By Melodie Mukansonera
A new report by the International Crisis Group has singled out Uganda as “a key player fueling the upsurge of violence in the Ituri Province” in the north east of the Democratic Republic of Congo.
The 37-page report – released on 15 this month under the title, “DR Congo: Ending the Cycle of Violence in Ituri” – presents a chronology of the events that led to this upsurge in fighting. It also analyses “the conflict’s cyclical nature and its underlying causes,” and identifies its main actors in order to understand why it persists.
The report partly states that, “Uganda has played a bigger role in fueling the Ituri region violence through different means, including hosting those that are commanding the conflict in the province. “Several Congolese actors who were active in previous Congo wars are involved in the conflict in Ituri and operate from Uganda,” the report states.
“Among these different actors, include former members of the Congolese Rally for Democracy, the Kisangani Liberation Movement (Rassemblement Congolais pour la Démocratie Kisangani/Mouvement de Libération) who are playing a leading role in the conflict,” reads the report.
Also implicated is the predominantly Nande group, led by former rebel leader Mbusa Nyamwisi “staunchly supported by Uganda”, that controlled parts of North Kivu and Ituri. “Some of its members are still based in Uganda, in plain view of the authorities, and maintain contact with armed groups active in North Kivu and Ituri,” says the report that holds back no punches.
Among those that the report names operating with such impunity with the support of Kampala are Yves Mandro Kahwa Panga (known as “Chief Kahwa”), who has been moving back and forth between Ituri and Kampala. This rebel chieftain is considered to be posing one of the more serious threats to the situation in Ituri, as stated by the International Crisis Group report.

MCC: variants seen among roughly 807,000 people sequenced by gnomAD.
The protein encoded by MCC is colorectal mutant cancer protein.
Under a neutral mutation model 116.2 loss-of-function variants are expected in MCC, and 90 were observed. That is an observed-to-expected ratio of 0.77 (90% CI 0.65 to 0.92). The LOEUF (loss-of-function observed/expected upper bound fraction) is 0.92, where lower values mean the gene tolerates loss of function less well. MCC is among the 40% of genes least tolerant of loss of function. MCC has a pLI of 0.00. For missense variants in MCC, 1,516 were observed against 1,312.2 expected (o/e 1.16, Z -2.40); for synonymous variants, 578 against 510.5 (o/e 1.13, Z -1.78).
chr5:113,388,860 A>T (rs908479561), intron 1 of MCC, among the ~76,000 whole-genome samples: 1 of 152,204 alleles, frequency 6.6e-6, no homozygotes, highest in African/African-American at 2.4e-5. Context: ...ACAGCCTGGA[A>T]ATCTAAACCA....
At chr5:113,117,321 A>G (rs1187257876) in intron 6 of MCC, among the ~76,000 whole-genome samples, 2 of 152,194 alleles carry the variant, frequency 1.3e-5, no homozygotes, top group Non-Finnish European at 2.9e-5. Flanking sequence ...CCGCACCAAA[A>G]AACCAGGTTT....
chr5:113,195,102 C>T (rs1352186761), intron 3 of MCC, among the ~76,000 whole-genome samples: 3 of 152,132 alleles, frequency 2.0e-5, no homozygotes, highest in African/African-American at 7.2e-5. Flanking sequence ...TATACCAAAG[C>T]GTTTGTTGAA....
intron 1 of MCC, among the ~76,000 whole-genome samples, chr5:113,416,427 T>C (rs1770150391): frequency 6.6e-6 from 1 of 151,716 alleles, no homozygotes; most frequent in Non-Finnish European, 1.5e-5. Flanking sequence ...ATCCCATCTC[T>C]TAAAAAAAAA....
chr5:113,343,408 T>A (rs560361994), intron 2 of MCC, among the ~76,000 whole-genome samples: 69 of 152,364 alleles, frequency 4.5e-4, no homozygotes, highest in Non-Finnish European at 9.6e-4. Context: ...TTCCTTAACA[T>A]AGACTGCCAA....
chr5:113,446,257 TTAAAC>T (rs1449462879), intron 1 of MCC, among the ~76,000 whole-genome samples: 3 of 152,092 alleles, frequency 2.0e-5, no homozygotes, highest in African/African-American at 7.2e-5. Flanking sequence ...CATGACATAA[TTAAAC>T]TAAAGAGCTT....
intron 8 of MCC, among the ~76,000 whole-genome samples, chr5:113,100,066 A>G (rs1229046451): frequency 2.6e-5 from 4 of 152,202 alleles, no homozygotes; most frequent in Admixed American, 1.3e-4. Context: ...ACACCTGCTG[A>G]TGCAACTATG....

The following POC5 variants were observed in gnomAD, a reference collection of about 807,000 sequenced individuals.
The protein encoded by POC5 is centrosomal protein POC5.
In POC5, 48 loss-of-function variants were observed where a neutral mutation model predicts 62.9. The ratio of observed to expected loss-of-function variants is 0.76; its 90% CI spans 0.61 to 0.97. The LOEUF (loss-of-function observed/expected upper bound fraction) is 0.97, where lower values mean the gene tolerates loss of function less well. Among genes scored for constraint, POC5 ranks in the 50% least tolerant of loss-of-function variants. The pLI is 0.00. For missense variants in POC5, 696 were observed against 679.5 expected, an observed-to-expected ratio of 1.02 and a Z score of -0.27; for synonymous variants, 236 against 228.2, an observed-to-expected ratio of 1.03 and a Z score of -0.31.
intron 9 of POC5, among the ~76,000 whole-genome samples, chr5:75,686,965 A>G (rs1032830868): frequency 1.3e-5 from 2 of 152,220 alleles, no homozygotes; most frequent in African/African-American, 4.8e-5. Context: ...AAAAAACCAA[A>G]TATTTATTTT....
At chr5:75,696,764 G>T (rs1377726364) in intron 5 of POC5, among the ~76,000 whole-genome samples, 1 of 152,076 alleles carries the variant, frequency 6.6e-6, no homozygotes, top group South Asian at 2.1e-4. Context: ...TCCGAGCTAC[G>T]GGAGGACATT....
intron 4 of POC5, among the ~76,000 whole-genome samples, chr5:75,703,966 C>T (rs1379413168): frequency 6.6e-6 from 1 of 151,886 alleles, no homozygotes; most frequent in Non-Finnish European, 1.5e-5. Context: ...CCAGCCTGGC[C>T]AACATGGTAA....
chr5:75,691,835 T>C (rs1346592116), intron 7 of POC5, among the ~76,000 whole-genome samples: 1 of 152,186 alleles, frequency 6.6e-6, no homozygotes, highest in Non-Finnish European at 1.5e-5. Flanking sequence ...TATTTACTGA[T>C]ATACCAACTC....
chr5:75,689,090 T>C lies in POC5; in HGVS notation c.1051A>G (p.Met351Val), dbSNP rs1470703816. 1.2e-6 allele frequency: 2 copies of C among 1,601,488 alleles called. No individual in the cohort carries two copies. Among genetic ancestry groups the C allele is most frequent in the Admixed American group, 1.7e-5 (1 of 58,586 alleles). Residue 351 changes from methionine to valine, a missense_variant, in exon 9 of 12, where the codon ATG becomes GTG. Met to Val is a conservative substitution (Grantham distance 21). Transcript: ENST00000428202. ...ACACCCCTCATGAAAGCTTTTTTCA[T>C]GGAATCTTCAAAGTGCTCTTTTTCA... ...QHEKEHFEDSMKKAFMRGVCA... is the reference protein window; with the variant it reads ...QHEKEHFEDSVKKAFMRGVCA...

Based on the nature of the Ituri conflict and Uganda’s involvement, the ICG has recommended that the Ituri conflict be put on the agenda for the next Quadripartite Summit, which will bring together Angola, the DRC, Rwanda and Uganda.
Meanwhile, the International Crisis Group’s report comes in the wake of another one published by the United Nations last month about conflict minerals whereby Uganda again is strongly implicated. That report indicates that about US$ 100 million of Congolese conflict gold is trafficked through Uganda monthly.
The UN estimates that at least 1.1 tonnes of gold were smuggled out of Ituri province alone in 2019. “More than 95 percent of gold exports from Uganda in 2019, which totaled just over 25 tonnes, were not of Ugandan origin. The estimate was based on 2018 production, and 2019 exports data,” said the Reuters news agency, quoting the UN report.